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Kiev Discusses With IMF Solely Short-Term Program at Present

© AFP 2022 / SERGEI SUPINSKYA Ukrainian helicopter flies above the headquarters of the Ukrainian forces in eastern Ukrainian city of Kramatorsk, in the Donetsk region
A Ukrainian helicopter flies above the headquarters of the Ukrainian forces in eastern Ukrainian city of Kramatorsk, in the Donetsk region - Sputnik International
Ukraine's Minister of Finance Natalie Jaresko announced Tuesday that Ukraine was discussing the country's financial needs for a three or four year program.

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WASHINGTON (Sputnik) — Ukraine is discussing with the International Monetary Fund (IMF) establishing a 12- to 15-month program that will provide the country with the finances it needs, Ukraine's Minister of Finance, Natalie Jaresko said Tuesday.

"We are not discussing our financial needs for a three or four year program, we are really focused on 12 to 15 months right now," Jaresko said.

Jaresko said the sum of funds for such an IMF program has not been agreed on yet.

“The numbers I can give you right now are the estimates that you see in the press,” she said, noting that the IMF specified a sum of $15 billion. “Now we are in the process of discussing that further.”

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As for restructuring of Ukraine’s debt, Jaresko said when the country requested extended IMF funding it intended to begin negotiations with debt holders.

"We have not started those consultations yet. We will start them after we complete the consultations with the IMF," she explained.

The IMF promised Ukraine $17 billion in bailout loans last spring that Kiev will have to pay back within two years.

Ukraine agreed to strict austerity program that includes shedding 24,000 government jobs, raising taxes, privatizing state assets and withdrawing subsidies on natural gas in order to receive the IMF funds in full.

However, the IMF said if the fighting in Ukraine continues the country will need more funds.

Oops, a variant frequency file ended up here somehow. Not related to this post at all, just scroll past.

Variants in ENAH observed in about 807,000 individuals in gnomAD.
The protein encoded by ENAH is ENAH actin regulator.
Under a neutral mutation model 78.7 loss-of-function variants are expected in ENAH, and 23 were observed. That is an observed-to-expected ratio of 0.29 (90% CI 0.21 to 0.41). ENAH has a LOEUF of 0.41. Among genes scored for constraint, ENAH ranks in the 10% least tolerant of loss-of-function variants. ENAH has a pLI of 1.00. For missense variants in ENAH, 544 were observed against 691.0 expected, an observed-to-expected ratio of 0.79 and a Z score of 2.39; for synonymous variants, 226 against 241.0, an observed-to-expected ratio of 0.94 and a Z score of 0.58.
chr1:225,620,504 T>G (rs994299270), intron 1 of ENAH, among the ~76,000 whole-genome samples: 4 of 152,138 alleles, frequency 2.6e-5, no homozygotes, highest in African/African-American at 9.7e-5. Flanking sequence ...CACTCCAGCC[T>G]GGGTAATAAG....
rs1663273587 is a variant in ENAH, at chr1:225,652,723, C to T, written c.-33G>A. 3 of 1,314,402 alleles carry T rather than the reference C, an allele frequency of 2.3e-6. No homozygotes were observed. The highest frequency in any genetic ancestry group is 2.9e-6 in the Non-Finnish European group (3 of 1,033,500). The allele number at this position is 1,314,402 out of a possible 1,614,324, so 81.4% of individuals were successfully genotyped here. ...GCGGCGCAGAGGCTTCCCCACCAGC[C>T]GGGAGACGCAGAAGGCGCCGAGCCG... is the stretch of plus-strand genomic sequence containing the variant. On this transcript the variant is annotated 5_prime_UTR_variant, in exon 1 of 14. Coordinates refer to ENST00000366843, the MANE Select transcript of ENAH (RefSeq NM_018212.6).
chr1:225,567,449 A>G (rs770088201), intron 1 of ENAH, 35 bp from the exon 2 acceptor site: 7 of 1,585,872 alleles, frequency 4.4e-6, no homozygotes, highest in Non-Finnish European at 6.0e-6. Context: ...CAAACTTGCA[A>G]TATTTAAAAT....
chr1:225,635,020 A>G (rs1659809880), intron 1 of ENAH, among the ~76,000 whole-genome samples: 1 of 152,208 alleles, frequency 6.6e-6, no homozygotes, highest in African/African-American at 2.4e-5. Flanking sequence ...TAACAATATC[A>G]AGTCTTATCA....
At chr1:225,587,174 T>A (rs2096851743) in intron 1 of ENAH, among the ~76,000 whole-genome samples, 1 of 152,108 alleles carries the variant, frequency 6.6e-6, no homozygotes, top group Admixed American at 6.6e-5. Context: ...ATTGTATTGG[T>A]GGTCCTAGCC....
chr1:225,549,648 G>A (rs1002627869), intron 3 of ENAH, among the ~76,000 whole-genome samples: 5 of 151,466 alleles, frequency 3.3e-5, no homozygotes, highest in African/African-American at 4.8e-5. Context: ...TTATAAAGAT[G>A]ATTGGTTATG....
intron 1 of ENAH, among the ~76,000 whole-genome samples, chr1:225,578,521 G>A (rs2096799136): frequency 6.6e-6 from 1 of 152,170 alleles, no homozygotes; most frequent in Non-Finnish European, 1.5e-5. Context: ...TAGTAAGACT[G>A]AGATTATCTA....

Ukraine President Petro Poroshenko said in January that Kiev hopes to receive $13 to $15 billion from international creditors, including from the United States and the European Union, over the next two years.

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Foreign advisors have provided assistance to the finance ministry to implement changes, Ukraine's Finance Minister Natalie Jaresko said at the Atlantic Council in Washington, DC.

“I've had advisors from the Ministry of Finance of Canada, helping me on the structure of my own team, getting me more efficient ministers,” Jaresko said on Tuesday. “I've had advisors from the Ministry of Finance of Germany, who worked with me on the structure of the ministry in general, making sure that it's a European ministry. And I had US treasury advisors in the area of debt management.”

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Jaresko said the advisors assisted her to ensure that the finance ministry is focusing on the right issues, is bringing in new ideas, and is not living in the past.

In December, the Ukrainian parliament approved a new cabinet, including three foreign nationals — US-born Jaresko as a finance minister, Georgian-born Alexander Kvitashvili as health minister, and Lithuanian-born Aivaras Abromavicius as economics minister.

Ukraine President Petro Poroshenko granted the three a Ukrainian citizenship the same day they became ministers.

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